If you want an idea of Javid's intellectual background, have a look at the American Enterprise Institute (AEI), a neoconservative think tank with which Javid has close ties. Among its members and supporters are some of America's most influential neoconservative figures of the past 20 years – including George Bush Jr’s vice president Dick Cheney, central neoconservative policymaker Paul Wolfowitz and Donald Trump’s hawkish new national security advisor John Bolton.



Britain's Prime Minister Theresa May with then Communities and Local Government Secretary Sajid Javid at 10 Downing Street on 17 October, 2017 (AFP)

Ayaan Hirsi Ali, the Somali-born activist who has called Islam "the new fascism", was one of its scholars. In 2012 an AEI resident scholar organised a tour of Turkey with the notorious anti-Muslim bigot Robert Spencer. Charles Murray, the controversial author of the Bell Curve, in which he suggested that some races are more intelligent and therefore successful than others, is a senior AEI scholar.

Javid has several times spoken at the AEI's secretive annual conference, most recently this March along with the other notable neoconservative sympathiser in the Cabinet, Michael Gove.

One of Javid's closest friends in British politics is Tory MP for Harlow Robert Halfon, a former political director of the Conservative Friends of Israel and one of the most outspoken defenders of Israeli Prime Minister Benjamin Netanyahu's policies in the Commons. 

Embedded mistrust

We believe it was wrong of Maggie Thatcher’s feminist critics to demand that she promote women. By the same token it would be completely wrong and unfair to demand that Sajid Javid advocate policies just because they might go down well with his fellow Muslims. 

There is, after all, no "correct" way of being a British Muslim. Javid's a highly capable and intelligent man who will, we predict, make a great success at the Home Office.

He is now one of the favourites to succeed Theresa May as Tory leader and therefore prime minister. He's ambitious. He knows that there is an embedded distrust of Muslims inside the Conservative Party.

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The Muslim Council of Britain is calling for an inquiry into Tory Islamophobia. We can see why. As we exposed at the time, Zac Goldsmith’s London mayoral campaign against Labour’s Muslim candidate Sadiq Khan in 2016 was the most poisonous we have ever witnessed because it targeted Khan on account of his Muslim faith.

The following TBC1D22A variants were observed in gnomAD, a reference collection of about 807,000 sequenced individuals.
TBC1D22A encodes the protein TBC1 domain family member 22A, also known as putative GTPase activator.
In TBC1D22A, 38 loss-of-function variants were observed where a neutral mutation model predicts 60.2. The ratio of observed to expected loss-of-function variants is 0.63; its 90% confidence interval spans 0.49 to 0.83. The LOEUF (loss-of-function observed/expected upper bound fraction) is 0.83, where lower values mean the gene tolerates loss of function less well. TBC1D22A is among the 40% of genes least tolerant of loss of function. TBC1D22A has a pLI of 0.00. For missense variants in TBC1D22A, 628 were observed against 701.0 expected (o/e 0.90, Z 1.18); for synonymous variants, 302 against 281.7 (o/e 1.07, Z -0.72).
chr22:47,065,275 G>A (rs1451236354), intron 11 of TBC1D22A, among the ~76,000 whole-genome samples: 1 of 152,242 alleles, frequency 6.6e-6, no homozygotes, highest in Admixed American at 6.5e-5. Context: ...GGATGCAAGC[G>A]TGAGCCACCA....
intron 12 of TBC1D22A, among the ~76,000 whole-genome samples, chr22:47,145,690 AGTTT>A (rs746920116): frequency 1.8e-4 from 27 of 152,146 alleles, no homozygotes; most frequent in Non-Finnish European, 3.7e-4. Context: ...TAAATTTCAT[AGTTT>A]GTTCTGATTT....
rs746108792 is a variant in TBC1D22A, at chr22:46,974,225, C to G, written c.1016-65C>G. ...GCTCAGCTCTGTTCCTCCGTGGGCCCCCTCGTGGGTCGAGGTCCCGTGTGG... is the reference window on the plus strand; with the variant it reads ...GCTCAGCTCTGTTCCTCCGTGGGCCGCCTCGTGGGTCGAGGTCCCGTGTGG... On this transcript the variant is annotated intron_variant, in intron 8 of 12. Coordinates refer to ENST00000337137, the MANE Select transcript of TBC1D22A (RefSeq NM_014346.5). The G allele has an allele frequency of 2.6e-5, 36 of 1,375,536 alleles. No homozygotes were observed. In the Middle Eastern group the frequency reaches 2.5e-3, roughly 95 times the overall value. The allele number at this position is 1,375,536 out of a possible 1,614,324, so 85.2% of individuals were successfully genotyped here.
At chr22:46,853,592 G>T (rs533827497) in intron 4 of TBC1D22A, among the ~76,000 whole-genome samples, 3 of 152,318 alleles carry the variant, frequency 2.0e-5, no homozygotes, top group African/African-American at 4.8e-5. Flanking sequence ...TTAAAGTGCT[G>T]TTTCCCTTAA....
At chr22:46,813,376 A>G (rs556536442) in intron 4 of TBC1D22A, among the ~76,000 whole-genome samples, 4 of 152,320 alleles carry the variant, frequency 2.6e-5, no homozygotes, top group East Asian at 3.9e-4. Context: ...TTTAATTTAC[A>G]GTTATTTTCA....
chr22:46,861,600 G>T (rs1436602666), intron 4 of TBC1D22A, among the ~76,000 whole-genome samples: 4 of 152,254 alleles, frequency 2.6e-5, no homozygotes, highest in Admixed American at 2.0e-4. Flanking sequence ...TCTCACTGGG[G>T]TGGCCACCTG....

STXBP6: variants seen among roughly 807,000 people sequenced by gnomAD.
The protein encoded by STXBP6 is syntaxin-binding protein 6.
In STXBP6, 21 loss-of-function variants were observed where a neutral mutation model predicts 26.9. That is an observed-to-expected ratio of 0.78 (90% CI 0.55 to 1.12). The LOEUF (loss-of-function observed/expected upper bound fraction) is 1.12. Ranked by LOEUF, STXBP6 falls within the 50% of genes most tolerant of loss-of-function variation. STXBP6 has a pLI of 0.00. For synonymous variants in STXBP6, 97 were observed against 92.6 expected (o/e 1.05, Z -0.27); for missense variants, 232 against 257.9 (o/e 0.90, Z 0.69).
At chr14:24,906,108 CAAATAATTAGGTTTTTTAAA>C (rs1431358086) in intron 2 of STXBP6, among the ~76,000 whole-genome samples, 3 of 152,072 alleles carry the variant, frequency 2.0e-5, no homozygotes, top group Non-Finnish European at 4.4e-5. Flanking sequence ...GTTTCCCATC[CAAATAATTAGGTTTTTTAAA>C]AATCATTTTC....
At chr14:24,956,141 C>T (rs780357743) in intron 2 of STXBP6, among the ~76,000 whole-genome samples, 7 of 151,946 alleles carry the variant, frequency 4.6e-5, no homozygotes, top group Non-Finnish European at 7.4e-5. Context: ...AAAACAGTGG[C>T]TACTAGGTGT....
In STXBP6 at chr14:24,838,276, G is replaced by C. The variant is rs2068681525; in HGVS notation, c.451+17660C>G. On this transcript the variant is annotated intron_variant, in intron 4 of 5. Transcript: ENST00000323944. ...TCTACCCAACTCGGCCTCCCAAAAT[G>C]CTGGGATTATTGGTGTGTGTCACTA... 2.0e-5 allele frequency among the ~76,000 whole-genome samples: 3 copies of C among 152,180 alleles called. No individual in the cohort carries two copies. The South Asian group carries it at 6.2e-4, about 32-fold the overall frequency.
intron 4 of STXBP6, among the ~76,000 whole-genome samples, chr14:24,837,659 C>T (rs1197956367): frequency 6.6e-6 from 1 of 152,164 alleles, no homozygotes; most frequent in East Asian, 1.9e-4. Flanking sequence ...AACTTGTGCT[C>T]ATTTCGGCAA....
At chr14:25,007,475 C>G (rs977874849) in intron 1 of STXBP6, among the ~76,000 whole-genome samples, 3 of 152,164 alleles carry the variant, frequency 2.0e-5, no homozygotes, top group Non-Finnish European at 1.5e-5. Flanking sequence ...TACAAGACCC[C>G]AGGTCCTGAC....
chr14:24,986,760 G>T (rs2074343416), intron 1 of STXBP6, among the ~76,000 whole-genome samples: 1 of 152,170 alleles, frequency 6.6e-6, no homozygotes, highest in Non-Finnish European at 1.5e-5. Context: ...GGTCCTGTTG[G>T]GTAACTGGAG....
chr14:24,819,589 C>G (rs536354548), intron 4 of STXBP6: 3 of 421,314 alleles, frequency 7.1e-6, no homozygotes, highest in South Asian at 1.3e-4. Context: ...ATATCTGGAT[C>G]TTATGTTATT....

We have no doubt Sajid Javid would have noted the fate of Sayeeda Warsi, a Tory who did raise issues important to Muslims.

Her reward (as we will describe in an article I am preparing for Middle East Eye later this week) was to be attacked and vilified. Warsi resigned in protest at the Conservative government’s reaction to the Israeli attack on Gaza in 2014. Some would say that Warsi acted on principle. Her enemies accused her of being self-indulgent.

There was never a chance that Sajid Javid would follow suit. He wants to get to the top - and that means not letting any personal baggage stand in his way.

But consider this: he is a hugely successful, fully integrated Briton of Muslim origin and that's no bad thing. As the Windrush scandal showed graphically, there are problems with how Britain treats immigrants. But the fact that the son of a Pakistani bus driver is home secretary shows how far we have come.

Peter Oborne won best commentary/blogging in 2017 and was named freelancer of the year in 2016 at the Online Media Awards for articles he wrote for Middle East Eye. He also was British Press Awards Columnist of the Year 2013. He resigned as chief political columnist of the Daily Telegraph in 2015. His books include The Triumph of the Political Class, The Rise of Political Lying, and Why the West is Wrong about Nuclear Iran.

- Richard Assheton is a freelance journalist and researcher based in London.

The views expressed in this article belong to the author and do not necessarily reflect the editorial policy of Middle East Eye.

Photo: Britain's newly appointed home secretary, Sajid Javid (AFP)